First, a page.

When the hubby moonlights, to bring in a little extra money, I can support his effort by working from home, to be here when the kids come home or get dropped off early. Like I said before, I’d actually spend less time working and more time commuting if I went into the office in the morning, and then left early in order to be here when he drops off our youngest son, and when our oldest son walks home from school.
Sure, we could pay a babysitter to do the same thing, but that would kinda run counter to the idea of bringing in more cash. Plus, no one is going to take better care of my kids than I can. (Besides, I’d miss moments like the one going on in the background right now, as our oldest son reads to our youngest.)
The result is that I’m more loyal to this job. I’m likely to stay with this job as long as possible, because the chances of finding another with the same kind of flexibility aren’t great. Not having that flexibility would be costly, as we’d probably have to hire someone else to be with the kids when we’re both working. And I’d probably miss out on lot more of my kids’ lives. Either that, or we’d have to become a one-income family.
Plus, I think I’m actually mor productive when I work from home. It seems like I’m busier, and spend more time actually working. Maybe because I’m spending less time in “face-to-face” meetings.
I’ll admit some bias. I hate meetings. I don’t know if there are any studies on this, but I have a theory that in any hour-long meeting there’s not more that 20 minutes of useful information. The rest is just people who like to hear themselves talk, and people who like having an audience to reprise the argument they just had in the hallway outside my office, or on the conference call yesterday.
Maybe it has something to do with my ADD, but I’d sooner have a tooth drilled than sit through a meetings. Honestly, you lose me about 30 minutes into a meeting. And don’t think that a “no laptops, no tablets, no smartphones” policy is going to make me any more likely to pay attention. I can zone out entirely on my own, and after an hour I’m long gone. In a perfect world, all “face to face meetings” would be 10 minutes long and conducted while standing.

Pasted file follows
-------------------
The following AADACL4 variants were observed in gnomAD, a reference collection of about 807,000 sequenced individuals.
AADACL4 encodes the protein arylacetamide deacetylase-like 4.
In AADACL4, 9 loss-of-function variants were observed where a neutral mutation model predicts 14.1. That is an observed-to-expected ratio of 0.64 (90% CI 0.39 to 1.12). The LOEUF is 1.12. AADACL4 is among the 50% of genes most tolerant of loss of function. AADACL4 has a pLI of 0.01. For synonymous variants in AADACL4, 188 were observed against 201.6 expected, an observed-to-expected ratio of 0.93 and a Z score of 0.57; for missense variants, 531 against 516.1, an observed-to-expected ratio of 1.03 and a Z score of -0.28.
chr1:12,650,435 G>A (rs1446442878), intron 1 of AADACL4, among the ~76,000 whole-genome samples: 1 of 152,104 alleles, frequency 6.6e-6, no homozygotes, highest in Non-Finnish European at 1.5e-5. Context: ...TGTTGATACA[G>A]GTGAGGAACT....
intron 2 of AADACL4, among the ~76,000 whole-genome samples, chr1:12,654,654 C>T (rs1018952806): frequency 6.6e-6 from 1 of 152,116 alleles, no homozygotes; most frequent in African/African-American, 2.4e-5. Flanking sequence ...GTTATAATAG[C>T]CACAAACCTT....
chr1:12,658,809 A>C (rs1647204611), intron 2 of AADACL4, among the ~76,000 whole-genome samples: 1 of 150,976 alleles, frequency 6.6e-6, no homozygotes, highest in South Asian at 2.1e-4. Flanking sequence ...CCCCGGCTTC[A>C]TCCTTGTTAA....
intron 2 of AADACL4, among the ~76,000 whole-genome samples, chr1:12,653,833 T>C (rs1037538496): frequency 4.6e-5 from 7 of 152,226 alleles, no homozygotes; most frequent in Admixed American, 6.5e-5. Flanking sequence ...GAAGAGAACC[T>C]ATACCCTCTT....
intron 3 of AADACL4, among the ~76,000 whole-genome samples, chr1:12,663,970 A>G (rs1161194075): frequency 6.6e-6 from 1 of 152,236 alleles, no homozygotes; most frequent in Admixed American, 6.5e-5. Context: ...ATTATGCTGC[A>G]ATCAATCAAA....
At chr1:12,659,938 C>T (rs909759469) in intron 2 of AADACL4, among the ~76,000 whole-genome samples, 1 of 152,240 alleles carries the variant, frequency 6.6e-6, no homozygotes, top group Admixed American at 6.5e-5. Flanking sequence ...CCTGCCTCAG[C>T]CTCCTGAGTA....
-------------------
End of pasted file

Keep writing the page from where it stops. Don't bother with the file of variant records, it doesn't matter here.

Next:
If Yahoo loses employees over this, it may not be because they’re all “slackers.” Some may simply need an arrangement that allows them to prioritize their other job: parenting.
And I have news for working-mom Amanda Enayati, who defended Yahoo’s new policy.
Google Mayer’s name and you will find that the media and blogosphere are equally riled up. The move, some say, is particularly disappointing coming from a new mother, who presumably should know better about the difficult position that many parents are in.
And who are we kidding? By “parents” we mean mostly moms, because whether we have solid childcare, family support or neither, many of us are performing real-life acrobatics worthy of Cirque du Soleil.
… But here’s the thing: Being stuck between the rock of workplace imperatives and the hard place of home mandates is not new to any of us working mothers, and we all know that the trade-offs you have to make in that position are almost never easy or simple. The difference is that Mayer’s experience is far more public and high-stakes, and half the world is second-guessing her.
Actually, it’s not news. Or it shouldn’t be news that men are parents too. And while Enayati may have a point in her assumption that the bulk of childcare still falls more in the laps of women than men, Yahoo’s new “work-from-home” policy may actually be a bigger blow to men —or “working dads.”
According to the Families and Work Institute’s nationally representative study of the U.S. workforce:
- Men actually have more access to telecommuting than women. Men (19 percent) are significantly more likely than women (13 percent) to be allowed to work part of their regular paid hours at home.
- Men (4 percent) are also more likely to work mainly from home compared with women (2 percent). Similarly, while men (67 percent) tend to work at home more often than women (59 percent) on an occasional basis, these differences do not reach statistical significance.
Some of us guys use that flexibility to be more engaged in caring for our children. “Work from home” flexibility isn’t just a reflection of the “new workplace” but supports a lot of “new” families, in which men are more involved in their children’s lives and care without having to be less involved with work. (Even in families like mine, where taking the care of the kids always falls to a man —me or my husband.
So, I’m glad I had the flexibility to work from home today, and will be able to do the same tomorrow, in order to attend a parent/teacher meeting in the afternoon. It’s given me the flexibility to be a more engaged husband and father, and a more effective employee.